The hybridized local and charge transfer (HLCT) excited state is characterized as the coexistence or hybridization of locally excited (LE) and charge transfer (CT) states, and is one of three main models that can break through the singlet exciton statistics limit.5 The LE state can usually provide a high PL efficiency due to an almost complete HOMO/LUMO overlap and a consequently large transition moment.5 The CT state facilitates a small singlet-triplet energy level splitting (ΔEST), which offers an opportunity for high singlet exciton yields through reverse intersystem crossing (RISC) from the triplet state to the singlet state.5 Recently, many organic EL materials with the HLCT excited state character have been developed with excellent EQEs and high singlet exciton yields through the efficient RISC.5 However, organic light-emitting materials with both the HLCT excited state character and the dual-emission behaviour arising from ESIPT have not yet been described. In this work, we systematically investigate the PL and EL properties of two highly efficient ESIPT molecules, 2-(2′-hydroxyphenyl)oxazoles containing one triphenylamine (TPA) (1) and two TPAs (2) respectively, and disclose a new ESIPT equilibrium accompanied by an RISC process.

Results and discussions

Synthesis

The synthetic route to 3-(5-([1,1′-biphenyl]-4-yl)oxazol-2-yl)-4′-(N,N-diphenylamino)-[1,1′-biphenyl]-4-ol (1) is shown in Scheme 1. First, 4′-(N,N-diphenylamino)-[1,1′-biphenyl]-4-ol (5a) was obtained in a good yield by the Suzuki coupling of 4-iodophenol (3a) with 4-(N,N-diphenylamino)-1-phenylboronic acid (4).4b Next, N-((4′-(N,N-diphenylamino)-[1,1′-biphenyl]-4-yl)oxy)acetamide (6a) was prepared via a transamination reaction with O-(mesitylsulfonyl)hydroxylamine (MSH) as the aminating reagent and an N-acetylation with acyl chloride.6 Finally, the target product (1) was synthesized by the Rh(III)-catalyzed oxidative C–H/C–H cross-coupling reaction of 6a with 5-([1,1′-biphenyl]-4-yl)oxazole (7). Utilizing a similar synthetic strategy, 4′-(N,N-diphenylamino)-3-(5-(4′-(diphenylamino)-[1,1′-biphenyl]-4-yl)oxazol-2-yl)-5-methyl-[1,1′-biphenyl]-4-ol (2) was prepared (Section III, ESI).
image file: c7sc04464j-s1.tif
Scheme 1 Synthetic routes of 1 and 2.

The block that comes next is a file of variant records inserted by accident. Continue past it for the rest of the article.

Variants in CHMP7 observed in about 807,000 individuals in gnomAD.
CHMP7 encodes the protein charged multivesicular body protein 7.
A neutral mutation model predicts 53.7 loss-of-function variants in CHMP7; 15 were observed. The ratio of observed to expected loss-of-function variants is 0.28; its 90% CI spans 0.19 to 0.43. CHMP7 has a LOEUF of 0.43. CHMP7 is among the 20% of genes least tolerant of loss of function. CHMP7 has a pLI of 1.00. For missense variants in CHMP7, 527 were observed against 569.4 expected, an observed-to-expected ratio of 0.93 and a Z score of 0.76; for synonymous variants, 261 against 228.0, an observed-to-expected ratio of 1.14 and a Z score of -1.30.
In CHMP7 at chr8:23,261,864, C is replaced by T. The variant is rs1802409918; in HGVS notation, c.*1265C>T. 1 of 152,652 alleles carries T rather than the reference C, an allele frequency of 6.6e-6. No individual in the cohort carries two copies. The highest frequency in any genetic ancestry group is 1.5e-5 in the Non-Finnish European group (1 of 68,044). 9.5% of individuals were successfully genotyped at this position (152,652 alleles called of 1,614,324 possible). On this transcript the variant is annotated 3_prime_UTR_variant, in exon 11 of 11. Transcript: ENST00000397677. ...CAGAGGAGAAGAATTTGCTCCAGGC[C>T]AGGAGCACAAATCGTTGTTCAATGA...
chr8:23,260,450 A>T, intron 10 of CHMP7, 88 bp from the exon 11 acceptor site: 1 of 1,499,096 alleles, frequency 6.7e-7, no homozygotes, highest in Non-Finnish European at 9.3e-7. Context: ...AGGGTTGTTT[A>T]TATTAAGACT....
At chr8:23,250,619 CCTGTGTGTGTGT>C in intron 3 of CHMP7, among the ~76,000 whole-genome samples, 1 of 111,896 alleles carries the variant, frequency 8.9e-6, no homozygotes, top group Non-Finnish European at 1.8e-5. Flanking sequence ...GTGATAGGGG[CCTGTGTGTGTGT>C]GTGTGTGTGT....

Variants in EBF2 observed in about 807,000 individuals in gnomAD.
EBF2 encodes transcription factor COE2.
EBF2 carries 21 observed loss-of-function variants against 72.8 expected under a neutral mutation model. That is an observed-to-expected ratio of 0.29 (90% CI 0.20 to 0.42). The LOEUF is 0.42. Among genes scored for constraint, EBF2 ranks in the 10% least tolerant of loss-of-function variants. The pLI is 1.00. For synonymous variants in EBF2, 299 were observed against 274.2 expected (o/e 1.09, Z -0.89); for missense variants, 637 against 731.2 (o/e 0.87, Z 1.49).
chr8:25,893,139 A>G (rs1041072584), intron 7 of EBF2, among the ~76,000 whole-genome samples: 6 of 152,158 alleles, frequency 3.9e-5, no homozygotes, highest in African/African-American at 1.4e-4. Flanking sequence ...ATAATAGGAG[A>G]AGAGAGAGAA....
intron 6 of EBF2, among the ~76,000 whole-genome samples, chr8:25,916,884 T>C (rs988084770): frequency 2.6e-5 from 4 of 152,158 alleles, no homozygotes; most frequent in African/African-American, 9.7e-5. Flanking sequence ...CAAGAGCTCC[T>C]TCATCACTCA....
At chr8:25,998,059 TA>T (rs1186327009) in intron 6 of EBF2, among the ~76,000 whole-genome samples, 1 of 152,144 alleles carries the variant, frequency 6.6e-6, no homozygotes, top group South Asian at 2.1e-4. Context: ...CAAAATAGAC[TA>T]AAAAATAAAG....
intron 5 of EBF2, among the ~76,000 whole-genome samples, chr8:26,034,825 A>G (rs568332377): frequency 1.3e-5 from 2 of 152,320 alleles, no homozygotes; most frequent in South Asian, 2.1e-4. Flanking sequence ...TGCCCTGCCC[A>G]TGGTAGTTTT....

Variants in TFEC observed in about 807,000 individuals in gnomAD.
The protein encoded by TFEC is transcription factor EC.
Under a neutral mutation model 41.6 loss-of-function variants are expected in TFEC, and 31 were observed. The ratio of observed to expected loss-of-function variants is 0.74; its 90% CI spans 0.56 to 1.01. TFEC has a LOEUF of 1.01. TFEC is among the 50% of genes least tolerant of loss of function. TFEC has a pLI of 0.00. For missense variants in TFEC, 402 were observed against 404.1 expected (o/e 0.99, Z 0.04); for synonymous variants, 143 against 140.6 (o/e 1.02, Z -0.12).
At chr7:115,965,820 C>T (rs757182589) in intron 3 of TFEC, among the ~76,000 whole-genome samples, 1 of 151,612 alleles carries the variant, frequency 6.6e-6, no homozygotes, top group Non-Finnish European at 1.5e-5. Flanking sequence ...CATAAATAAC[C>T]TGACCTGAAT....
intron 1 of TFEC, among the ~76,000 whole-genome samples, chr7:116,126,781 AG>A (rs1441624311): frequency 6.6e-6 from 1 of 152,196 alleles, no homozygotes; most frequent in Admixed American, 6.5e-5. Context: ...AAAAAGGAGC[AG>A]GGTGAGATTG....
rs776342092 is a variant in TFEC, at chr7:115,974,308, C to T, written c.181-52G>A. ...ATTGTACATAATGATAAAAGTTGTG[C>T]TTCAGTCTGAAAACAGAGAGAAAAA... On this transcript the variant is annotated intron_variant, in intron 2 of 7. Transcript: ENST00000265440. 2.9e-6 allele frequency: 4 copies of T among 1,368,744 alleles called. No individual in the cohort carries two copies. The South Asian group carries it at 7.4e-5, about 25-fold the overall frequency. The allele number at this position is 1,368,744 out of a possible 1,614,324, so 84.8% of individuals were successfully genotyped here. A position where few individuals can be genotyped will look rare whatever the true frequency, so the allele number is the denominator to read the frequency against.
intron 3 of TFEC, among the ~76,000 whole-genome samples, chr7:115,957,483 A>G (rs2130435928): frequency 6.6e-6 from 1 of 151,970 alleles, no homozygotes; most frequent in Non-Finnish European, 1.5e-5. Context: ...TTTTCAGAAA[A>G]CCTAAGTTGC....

Photophysical properties

The absorption spectra of compounds 1 and 2 were measured in toluene (Fig. S1), and their absorption maxima are summarized in Table 1. Their absorption bands in the short-wavelength region correspond to the π–π* transition or the n–π* transition, while the longest wavelength absorption can be assigned to an intramolecular charge transfer (ICT) transition.5g,7 The longest wavelength absorption maximum of 2 at 378 nm is red-shifted by 9 nm relative to the absorption shoulder of 1 at 369 nm and the absorption intensity is increased significantly (ε(1, 369 nm) = 1.5 × 104 M−1 cm−1; ε(2, 378 nm) = 3.6 × 104 M−1 cm−1), indicating a relatively stronger ICT character for 2.7b,c
Table 1 The thermal and electrochemistry data of 1 and 2a
Compounds λabs (nm) λenol-em (nm) λketo-em (nm) CIE1931 HOMOb (eV) LUMOb (eV) Tdc (°C)
a Absorption and emission maxima were measured in toluene (5.0 × 10−5 M). λenol-em = enol-form emission maximum, and λketo-em = keto-form emission maximum.b The estimated value based on cyclic-voltammetry data and optical bandgaps.c The temperature for 5% weight loss of materials.
1 321, 335, 369 434 532 (0.32, 0.45) −5.27 −2.10 381
2 310, 335, 378 424 535 (0.27, 0.33) −5.22 −2.27 430


The emission spectra of 1 and 2 recorded in toluene exhibit an apparent dual-emission behavior (Fig. 1). The normal enol-form emission is located in the blue region and the proton-transfer keto-form emission is positioned at the red-shifted part of the spectrum. The enol-form emission of 1 is substantially weaker than its keto-form emission. Therefore, 1 exhibits a yellowish-green emission in toluene with CIE coordinates of (0.32, 0.45) (Table 1). In contrast, 2 shows a well-balanced dual-emission between the enol-form and keto-form, which covers the whole visible range extending from 400 to 700 nm, thus leading to a nearly pure white-light emission with CIE coordinates of (0.27, 0.33).


image file: c7sc04464j-f1.tif
Fig. 1 Normalized emission spectra of 1 and 2 in toluene (5.0 × 10−5 M).

Electrochemical properties

The electrochemical investigation was performed via cyclic voltammetric (CV) experiments using an Ag/Ag+ reference electrode, a platinum wire counter electrode, and a platinum plate working electrode. The HOMO energy level of 1 was calculated to be −5.27 eV by comparison with the standard ferrocene/ferrocenium (Fc/Fc+) redox couple. The optical bandgap is deduced from its UV-vis spectrum in acetonitrile solution. The LUMO level of 1 is calculated to be −2.10 eV by subtracting the optical bandgap from the HOMO level. The HOMO and LUMO levels of 2 are −5.22 eV and −2.27 eV, respectively (Table 1 and Section V, ESI).

Thermal properties